Rachel Neumeier

Fantasy and Young Adult Fantasy Author

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Wow, is it that time already?

An end-of-year post from Brandy at Random Musings of a Bibliophile reminds me that I need to look back over the year’s reading, too. I’ll be curious to see how many books I actually read this year. I know it’s way under the number I’d have read if I hadn’t been pouring so much of my time into writing.

By this time of year I have no real idea what books I read back in January and February. And March and April, honestly, who can keep track? That’s why I write them down.

I’m curious, do any of you also keep track of what you read over the course of the year? I’ve only been doing that for a few years, but it really is interesting to look back and just see what I read and in what genres and how the list compares to previous years.

Update: here’s a “readers’s choice” for best books of 2015 from tor.com. Of the entire list, I have Sorcerer to the Crown already on my TBR pile; other than that, I think the ones I’m most interested in myself are Karen Memory. I recently read a review of Red Rising that makes me want to try that one, too, and then Golden Son is the sequel.

The one I’m least interested in off the tor.com list is obviously Half the World by Joe Abercrombe. After four of his books, I’m quite sure that I’m not the intended reader for his work.

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8 Comments Wow, is it that time already?

  1. Maureen E

    Yep, I have a notebook record I’ve kept since 2003. Every book gets one line with title, author, and date read. I do include re-reads in my counts.

  2. Macsbrains

    I started keeping track of my reading in 2007 in an effort to encourage me to read more novels. I find I experience very peculiar time dilation with regard to my memories of reading. Something I read 3 books ago feels like it was years ago, even if it was just last week.

    I triple, possibly quadruple, my consumption by keeping the list, though, so I feel at this point it’s mandatory for me to do so if I want to get anything read ever.

  3. Rachel

    Maureen, of course you do. I mean, aren’t you the one who has this detailed TBR spreadsheet indexed by who recommended what? I am in awe of how organized you are. My books-read-so-far list every year is a piece of paper with a bunch of handwritten scribbles on it.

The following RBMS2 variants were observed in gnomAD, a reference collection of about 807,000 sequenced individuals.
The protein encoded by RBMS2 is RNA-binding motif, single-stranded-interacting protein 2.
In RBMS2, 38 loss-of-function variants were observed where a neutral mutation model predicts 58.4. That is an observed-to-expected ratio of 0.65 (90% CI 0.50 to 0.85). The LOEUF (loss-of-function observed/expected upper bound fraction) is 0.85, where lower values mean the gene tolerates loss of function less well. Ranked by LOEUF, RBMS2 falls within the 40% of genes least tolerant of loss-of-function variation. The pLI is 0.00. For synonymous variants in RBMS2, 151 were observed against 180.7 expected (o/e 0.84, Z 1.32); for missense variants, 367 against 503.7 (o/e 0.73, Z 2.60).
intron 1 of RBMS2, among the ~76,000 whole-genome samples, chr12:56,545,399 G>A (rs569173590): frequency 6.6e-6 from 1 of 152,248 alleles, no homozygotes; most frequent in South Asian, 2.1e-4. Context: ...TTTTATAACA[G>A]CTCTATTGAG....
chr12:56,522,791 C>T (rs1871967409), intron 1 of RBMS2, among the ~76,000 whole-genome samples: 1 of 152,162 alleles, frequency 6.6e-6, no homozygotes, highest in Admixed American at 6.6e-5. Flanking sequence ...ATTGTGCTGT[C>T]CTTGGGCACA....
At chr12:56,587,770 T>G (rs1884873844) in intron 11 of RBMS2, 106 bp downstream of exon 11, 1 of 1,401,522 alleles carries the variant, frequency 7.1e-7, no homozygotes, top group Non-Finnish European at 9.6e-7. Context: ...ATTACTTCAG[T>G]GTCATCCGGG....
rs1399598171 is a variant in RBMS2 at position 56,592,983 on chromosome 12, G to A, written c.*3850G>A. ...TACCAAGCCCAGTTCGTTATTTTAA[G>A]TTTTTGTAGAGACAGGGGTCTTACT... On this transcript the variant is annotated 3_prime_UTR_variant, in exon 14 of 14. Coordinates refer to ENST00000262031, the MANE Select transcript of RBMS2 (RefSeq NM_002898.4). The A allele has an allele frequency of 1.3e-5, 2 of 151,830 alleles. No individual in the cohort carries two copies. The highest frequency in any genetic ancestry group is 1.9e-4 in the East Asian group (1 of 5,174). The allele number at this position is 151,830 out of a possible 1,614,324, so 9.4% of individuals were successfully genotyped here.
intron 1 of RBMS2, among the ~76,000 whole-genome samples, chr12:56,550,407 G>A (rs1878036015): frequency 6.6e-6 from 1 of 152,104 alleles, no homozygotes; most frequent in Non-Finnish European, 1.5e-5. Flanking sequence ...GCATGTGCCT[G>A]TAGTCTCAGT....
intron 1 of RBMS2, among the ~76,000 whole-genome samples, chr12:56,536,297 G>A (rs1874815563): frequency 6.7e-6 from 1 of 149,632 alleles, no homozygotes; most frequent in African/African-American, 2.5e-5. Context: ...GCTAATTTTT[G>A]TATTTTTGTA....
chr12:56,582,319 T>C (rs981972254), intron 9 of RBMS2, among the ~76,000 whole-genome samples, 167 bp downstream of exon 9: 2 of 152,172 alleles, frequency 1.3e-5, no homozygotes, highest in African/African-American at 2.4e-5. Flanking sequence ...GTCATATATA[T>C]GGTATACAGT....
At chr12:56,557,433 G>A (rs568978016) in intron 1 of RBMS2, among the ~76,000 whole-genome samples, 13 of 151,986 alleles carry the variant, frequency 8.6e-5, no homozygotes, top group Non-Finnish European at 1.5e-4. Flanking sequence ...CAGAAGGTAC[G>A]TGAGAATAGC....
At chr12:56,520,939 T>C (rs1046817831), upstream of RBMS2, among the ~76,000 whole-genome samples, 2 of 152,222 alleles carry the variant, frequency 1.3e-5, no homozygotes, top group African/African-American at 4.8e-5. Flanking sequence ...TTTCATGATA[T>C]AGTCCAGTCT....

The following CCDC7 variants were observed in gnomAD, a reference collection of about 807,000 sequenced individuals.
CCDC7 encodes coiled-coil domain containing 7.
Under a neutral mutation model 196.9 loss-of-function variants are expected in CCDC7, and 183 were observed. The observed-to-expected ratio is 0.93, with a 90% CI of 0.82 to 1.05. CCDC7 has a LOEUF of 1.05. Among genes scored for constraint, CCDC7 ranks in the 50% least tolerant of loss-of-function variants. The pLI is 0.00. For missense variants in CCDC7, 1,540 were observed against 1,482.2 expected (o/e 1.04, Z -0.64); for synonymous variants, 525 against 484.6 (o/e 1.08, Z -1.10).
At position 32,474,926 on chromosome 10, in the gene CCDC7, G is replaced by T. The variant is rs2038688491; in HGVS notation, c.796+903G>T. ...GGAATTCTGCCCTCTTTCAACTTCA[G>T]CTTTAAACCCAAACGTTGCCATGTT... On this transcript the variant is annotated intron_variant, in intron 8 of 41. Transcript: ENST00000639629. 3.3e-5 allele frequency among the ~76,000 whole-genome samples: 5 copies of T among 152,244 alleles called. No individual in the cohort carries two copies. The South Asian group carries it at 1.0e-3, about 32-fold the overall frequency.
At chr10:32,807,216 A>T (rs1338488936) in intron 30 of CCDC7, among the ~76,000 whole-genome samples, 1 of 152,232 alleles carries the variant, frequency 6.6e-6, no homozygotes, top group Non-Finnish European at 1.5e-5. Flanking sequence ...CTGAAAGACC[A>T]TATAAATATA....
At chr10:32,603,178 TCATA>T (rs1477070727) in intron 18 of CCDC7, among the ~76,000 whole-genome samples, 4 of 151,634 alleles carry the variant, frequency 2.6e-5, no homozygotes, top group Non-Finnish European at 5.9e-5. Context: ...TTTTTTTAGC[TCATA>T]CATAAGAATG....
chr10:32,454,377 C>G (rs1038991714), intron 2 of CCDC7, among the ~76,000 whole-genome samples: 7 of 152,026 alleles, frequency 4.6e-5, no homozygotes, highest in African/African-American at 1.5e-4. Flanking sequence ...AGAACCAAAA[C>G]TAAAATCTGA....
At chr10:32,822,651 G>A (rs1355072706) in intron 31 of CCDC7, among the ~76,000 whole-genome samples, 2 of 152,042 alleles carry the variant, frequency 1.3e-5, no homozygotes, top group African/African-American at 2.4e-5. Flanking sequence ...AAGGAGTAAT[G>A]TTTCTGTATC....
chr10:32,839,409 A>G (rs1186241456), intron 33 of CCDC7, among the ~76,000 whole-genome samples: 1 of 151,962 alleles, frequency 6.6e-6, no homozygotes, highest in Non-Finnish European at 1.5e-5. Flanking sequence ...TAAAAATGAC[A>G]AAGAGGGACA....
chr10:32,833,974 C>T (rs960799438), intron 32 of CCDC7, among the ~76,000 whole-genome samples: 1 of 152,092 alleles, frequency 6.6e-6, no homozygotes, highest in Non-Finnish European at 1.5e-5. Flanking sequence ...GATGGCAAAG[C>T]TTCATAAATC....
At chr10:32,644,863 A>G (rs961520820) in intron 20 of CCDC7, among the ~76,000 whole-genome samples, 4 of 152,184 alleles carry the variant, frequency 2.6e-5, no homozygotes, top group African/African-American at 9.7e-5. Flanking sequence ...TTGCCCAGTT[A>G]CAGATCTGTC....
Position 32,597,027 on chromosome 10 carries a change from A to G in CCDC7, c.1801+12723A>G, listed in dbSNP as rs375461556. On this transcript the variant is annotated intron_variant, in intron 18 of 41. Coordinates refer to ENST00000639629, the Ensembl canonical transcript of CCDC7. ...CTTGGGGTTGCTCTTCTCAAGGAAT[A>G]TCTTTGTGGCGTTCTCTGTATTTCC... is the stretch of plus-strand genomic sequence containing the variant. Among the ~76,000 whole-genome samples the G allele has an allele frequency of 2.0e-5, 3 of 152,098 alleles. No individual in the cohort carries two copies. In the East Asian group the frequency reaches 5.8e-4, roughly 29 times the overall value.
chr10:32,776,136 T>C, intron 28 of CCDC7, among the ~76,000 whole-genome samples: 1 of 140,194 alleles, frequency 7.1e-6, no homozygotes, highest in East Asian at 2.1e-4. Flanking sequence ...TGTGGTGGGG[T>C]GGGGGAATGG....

Macsbrains, that’s really interesting. I never thought of a books-read list as a kind of motivator. Don’t you have a huge TBR pile? No wonder you use any trick you can to whittle down that pile…

  4. Maureen E

    Heh. Yes, although the notebook predates the spreadsheet (and the spreadsheet desperately needs to be updated). It’s the only way for me to track things!

  5. Jen Birren

    I kept track of all my reading in my blog for a few years, but then it started getting annoying when I got a kindle (and I’ve usually got a couple of “not-really-a-book” books on the go at my bedside, like collections of schoolchild bloopers or whatever, and remembering to add those in… ech.)
    I used to read about 300-350 books a year, about a third of that re-reads. I suspect it’s rather less now that I read blogs and twitter while half-watching TV, instead of a book.

  6. Rachel

    Jen, I had to almost entirely stop watching tv in order to have time to read! Maybe someday I will get a bunch of great shows on DVD and immerse myself, but I don’t know. But I definitely do put some of my reading time into blogs now, so I bet that does cut down on the number of novels I get through per year.

    I try to remember to add kindle-books-read to my scribbled list of titles, but I’m sure I do forget a few. But as I read them I move them into folders, so that probably helps keep track.

  7. mona

    I only just started keeping track of what I read via librarything, in large part motivated by you and your commenters (and probably around the time you posted about TBR lists). I’m looking forward to sorting that data :)

  8. charlotte

    I started a few years ago tagging books on Goodreads by year, and whether the books were review copies, library books, or owned. But I am always fairly convinced that I’ve read more than I say I have, because marking books read on Goodreads immediately requires being a different sort of person than I happen to be….

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